“The teachers seldom taught more than one year at the same school. From 1892 through 1904 Bell Ridge had ten teachers, with Miss Molly Gott, Mr. Mack Horton, and Miss Nettie Gott teaching two years each.

“On November 1, 1905, during a high wind, sparks blew on to the board roof and ignited the Bell Ridge School and it burned to the ground. The teacher, Mr. Edgar Galloway and the students, one of which was Mr. Tom Galloway, were able to carry all the seats and other furniture outside and save them. Mr. Harrison allowed used of an old log house near the spring to be used for the school the rest of the term.

“In 1906, work was started on the new building on the site now owned by Mr. Gilliam. The building was on the back of the lot. The first school taught in this building was a subscription school, because of the lack of County funds. This school was taught by Miss Bessie Perry, who later became Mrs. Herbert W. Ketron Sr., mother of Mr. H. W. Ketron, Jr. and Buck Ketron. She taught two years and was followed by Mr. T. Mack Ketron, Mr. H. W. Ketron, taught in the year 1910.

“In 1915, Miss Carrie Parker, the present Mrs. Albert McKenzie was the teacher. Mr. T. M. Galloway taught the school in 1919 due to a shortage of teachers the school did not start until January, and lasted five months. That year 59 pupils enrolled, some have children and grand children now attending the present Bell Ridge School.

“This one room building was torn away in 1923 and the material was used to build the house where Mr. and Mrs. Kelly Larkin now live.

“The three room building erected in 1923 was built on the same site as the old one but on the front of the lot. The first teachers to teach in this building were Miss Cleo Hodges and Miss Ora Frazier.

“It was in this building on Friday, September 8, 1933, with the help of one of our present teachers, Miss Myrtle Foust that the Bell Ridge P. T. A. was organized. The principal at this time was Mr. Perry Keys. The first president of Bell Ridge P. T. A. Was Mrs. E. B. Marshall; the first Vice President was Mrs. J. E. Gott; the first Treasurer was Mrs. J. P. Larkin, and Miss Foust was the first Historian.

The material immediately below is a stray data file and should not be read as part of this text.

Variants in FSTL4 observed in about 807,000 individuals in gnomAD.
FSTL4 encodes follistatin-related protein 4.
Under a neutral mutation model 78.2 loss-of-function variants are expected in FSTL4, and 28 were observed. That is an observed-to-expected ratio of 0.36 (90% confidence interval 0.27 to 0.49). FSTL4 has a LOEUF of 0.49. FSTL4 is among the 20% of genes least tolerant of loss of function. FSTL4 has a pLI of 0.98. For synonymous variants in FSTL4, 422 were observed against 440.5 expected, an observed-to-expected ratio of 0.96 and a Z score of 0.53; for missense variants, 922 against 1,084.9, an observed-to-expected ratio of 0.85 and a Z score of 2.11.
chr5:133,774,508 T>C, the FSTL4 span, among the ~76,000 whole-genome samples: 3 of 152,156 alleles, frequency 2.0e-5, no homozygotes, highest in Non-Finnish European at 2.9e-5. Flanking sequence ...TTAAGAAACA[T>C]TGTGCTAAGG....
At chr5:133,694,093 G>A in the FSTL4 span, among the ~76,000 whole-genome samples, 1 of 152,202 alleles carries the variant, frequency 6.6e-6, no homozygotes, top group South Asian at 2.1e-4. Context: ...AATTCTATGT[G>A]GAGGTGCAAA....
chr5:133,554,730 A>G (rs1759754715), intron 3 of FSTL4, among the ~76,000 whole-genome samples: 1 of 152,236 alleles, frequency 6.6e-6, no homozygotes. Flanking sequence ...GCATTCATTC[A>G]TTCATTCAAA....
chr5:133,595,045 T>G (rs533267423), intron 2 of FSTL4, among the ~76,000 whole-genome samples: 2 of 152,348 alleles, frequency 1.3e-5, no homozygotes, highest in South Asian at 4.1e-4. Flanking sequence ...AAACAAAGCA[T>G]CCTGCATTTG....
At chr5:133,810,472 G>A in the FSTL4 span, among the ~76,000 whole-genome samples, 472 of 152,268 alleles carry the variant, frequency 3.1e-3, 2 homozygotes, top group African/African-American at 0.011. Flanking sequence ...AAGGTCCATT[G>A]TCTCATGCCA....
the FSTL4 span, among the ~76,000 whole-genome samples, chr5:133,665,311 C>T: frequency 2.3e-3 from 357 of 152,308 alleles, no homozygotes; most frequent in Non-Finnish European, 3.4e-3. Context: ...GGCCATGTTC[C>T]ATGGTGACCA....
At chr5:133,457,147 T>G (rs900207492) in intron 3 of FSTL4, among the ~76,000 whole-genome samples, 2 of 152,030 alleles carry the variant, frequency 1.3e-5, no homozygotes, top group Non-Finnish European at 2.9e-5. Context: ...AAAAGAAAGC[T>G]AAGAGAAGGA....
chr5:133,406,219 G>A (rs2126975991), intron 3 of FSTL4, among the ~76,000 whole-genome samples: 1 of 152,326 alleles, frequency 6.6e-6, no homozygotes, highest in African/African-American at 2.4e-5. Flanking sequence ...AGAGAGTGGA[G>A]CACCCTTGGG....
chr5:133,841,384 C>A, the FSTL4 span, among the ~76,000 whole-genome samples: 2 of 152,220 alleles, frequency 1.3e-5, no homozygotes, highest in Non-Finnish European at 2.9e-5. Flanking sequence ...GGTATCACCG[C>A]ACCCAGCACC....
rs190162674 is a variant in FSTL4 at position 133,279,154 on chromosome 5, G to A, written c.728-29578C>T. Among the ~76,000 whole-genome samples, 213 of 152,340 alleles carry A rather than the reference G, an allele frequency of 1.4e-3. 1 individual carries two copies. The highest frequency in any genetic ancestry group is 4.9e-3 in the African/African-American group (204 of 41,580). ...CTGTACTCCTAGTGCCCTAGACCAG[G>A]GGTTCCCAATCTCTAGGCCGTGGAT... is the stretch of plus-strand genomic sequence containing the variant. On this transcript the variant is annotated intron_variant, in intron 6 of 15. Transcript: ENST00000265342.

“This three room building was use until October 1937 when the first four rooms of the present building was built.

“Teachers from 1892-1919

Miss Molly Gott 1891-1894

William Kerney 1895

N. M. Baldwin 1895

Mack Horton 1897-1898

Charlie Shipp 1899

Sam Jones 1900

Byrd Harkleroad 1901

James Lambreth 1902

Nettie Gott 1903-1904

Edgar Galloway 1905

Bessie Perry 1906-1907

T. Mack Ketron 1908

George Dolen 1909

Herbert W. Ketron 1910

T. Mack Ketron 1911-1912

Lillian Henderson 1914

Grace Watkins 1915

Carrie Parker 1916

Lucy Hickam 1917

no school 1918

T. M. Galloway 1919

“All this information was secured by Mrs. Bert Mays”

Then in hand-written notes at the bottom of the page are these notes:

“1938-1951 Carl Chase, principal

1951-1972 Otis T. Stair

1973-1983 Charlotte W. McKay

5 additions–last one was Cafeteria/gym–2 class rooms, 4 restrooms, 1963”

Bell Ridge School at the time it was closed, Charlotte McKay photographer

The three room school

A map of Morrison City created by Tom Galloway, who is a source of the material in Mrs. Mays’ narrative. There are several locations shown of Bell Ridge School. The Holston River would be on the west side of this map, but got cut off.

Teacher, Mrs Mary K Minton, 1947-48

First row: Betty Jean Gott, Betty Carr, Nellie Bradley, Allen Clonce, Peggy Ann Feugerson, Dallas Darnell, Jr Stapleton, Niel Shipley, Hezekiah Kindle